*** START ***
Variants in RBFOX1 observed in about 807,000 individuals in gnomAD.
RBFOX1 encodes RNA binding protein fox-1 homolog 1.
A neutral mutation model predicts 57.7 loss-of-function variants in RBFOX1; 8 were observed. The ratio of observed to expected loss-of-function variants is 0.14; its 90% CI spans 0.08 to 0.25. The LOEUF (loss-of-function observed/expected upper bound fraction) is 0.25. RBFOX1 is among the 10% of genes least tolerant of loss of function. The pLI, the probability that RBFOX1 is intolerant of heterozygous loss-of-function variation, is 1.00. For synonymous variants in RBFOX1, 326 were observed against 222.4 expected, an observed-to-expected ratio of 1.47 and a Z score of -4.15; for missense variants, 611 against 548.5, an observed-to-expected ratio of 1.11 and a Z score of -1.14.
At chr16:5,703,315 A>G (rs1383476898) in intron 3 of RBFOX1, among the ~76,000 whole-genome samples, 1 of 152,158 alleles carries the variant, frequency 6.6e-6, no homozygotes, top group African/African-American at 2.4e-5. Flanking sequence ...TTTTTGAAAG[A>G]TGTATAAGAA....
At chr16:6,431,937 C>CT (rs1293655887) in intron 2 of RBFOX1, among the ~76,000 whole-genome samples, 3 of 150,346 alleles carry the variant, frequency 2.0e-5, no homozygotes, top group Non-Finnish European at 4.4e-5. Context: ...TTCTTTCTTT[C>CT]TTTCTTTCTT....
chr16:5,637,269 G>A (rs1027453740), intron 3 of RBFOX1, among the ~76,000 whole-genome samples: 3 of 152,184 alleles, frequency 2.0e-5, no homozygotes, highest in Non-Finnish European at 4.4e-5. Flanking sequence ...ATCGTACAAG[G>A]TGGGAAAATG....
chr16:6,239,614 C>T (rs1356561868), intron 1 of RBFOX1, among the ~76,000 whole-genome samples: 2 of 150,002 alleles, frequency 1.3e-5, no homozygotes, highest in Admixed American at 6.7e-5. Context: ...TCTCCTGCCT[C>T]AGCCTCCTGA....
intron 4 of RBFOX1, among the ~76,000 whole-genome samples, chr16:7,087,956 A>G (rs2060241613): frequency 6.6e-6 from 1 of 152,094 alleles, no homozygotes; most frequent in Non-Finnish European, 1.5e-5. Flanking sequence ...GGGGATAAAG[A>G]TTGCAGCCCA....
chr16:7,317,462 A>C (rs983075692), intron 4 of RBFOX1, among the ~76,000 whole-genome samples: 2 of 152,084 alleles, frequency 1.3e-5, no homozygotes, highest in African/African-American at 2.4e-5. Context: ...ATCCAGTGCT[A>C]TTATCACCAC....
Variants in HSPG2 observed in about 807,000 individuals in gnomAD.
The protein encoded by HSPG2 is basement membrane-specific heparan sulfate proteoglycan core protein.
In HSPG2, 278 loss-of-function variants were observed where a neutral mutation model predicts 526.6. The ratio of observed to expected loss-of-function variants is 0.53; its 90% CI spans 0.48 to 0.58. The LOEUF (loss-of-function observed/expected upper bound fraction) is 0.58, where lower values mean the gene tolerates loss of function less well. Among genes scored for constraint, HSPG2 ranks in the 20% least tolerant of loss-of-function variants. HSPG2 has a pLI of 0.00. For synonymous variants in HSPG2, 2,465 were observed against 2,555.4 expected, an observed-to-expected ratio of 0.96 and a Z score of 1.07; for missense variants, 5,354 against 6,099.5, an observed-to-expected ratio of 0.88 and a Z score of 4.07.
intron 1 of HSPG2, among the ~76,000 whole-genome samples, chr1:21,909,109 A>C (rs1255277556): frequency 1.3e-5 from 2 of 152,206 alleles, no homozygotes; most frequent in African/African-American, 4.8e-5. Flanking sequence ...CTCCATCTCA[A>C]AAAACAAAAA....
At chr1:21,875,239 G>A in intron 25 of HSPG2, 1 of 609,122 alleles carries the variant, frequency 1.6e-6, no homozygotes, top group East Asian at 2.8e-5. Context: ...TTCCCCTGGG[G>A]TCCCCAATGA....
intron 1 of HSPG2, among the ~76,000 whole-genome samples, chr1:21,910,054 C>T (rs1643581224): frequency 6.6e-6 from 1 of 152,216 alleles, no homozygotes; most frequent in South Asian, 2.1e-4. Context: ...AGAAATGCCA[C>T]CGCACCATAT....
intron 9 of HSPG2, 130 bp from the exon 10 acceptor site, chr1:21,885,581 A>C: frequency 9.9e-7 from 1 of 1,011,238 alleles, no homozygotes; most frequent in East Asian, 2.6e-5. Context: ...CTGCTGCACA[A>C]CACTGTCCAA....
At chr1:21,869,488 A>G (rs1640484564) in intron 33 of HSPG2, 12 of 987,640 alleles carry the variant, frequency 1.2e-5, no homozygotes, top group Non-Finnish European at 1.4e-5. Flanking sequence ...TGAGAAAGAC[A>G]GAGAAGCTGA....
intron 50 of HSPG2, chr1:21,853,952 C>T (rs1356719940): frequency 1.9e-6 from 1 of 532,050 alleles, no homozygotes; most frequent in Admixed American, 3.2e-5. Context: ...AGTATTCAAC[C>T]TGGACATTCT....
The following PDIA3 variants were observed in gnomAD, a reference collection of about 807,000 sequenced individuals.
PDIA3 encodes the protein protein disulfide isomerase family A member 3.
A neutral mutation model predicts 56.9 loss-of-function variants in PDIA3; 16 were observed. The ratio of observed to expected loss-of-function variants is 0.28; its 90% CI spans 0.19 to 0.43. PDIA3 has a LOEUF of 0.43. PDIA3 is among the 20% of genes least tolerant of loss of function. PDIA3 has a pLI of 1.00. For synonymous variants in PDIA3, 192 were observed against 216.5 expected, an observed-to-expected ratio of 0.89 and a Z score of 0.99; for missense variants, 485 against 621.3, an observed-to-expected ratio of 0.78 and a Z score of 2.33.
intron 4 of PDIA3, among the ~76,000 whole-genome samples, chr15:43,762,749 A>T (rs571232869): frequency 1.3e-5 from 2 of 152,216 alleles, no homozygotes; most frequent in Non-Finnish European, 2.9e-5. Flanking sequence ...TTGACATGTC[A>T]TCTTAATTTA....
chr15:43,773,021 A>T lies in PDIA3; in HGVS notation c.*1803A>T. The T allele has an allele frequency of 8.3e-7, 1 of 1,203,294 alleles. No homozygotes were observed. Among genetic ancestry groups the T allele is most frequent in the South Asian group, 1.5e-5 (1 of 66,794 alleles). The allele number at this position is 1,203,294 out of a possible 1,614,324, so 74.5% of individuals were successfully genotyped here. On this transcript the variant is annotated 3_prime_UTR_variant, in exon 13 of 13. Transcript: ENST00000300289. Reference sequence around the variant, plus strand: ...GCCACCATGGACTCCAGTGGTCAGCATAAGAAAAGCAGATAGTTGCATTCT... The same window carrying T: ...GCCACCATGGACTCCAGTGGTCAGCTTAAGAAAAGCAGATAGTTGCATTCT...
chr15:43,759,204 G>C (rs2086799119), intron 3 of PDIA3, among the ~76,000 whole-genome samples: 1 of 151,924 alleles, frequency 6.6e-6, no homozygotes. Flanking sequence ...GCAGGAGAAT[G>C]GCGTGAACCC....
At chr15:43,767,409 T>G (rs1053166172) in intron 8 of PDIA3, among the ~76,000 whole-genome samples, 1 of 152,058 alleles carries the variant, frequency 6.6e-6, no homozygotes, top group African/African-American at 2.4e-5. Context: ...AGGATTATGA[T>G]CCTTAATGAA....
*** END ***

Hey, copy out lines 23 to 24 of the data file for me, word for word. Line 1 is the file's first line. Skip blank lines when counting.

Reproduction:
chr15:43,773,021 A>T lies in PDIA3; in HGVS notation c.*1803A>T. The T allele has an allele frequency of 8.3e-7, 1 of 1,203,294 alleles. No homozygotes were observed. Among genetic ancestry groups the T allele is most frequent in the South Asian group, 1.5e-5 (1 of 66,794 alleles). The allele number at this position is 1,203,294 out of a possible 1,614,324, so 74.5% of individuals were successfully genotyped here. On this transcript the variant is annotated 3_prime_UTR_variant, in exon 13 of 13. Transcript: ENST00000300289. Reference sequence around the variant, plus strand: ...GCCACCATGGACTCCAGTGGTCAGCATAAGAAAAGCAGATAGTTGCATTCT... The same window carrying T: ...GCCACCATGGACTCCAGTGGTCAGCTTAAGAAAAGCAGATAGTTGCATTCT...
chr15:43,759,204 G>C (rs2086799119), intron 3 of PDIA3, among the ~76,000 whole-genome samples: 1 of 151,924 alleles, frequency 6.6e-6, no homozygotes. Flanking sequence ...GCAGGAGAAT[G>C]GCGTGAACCC....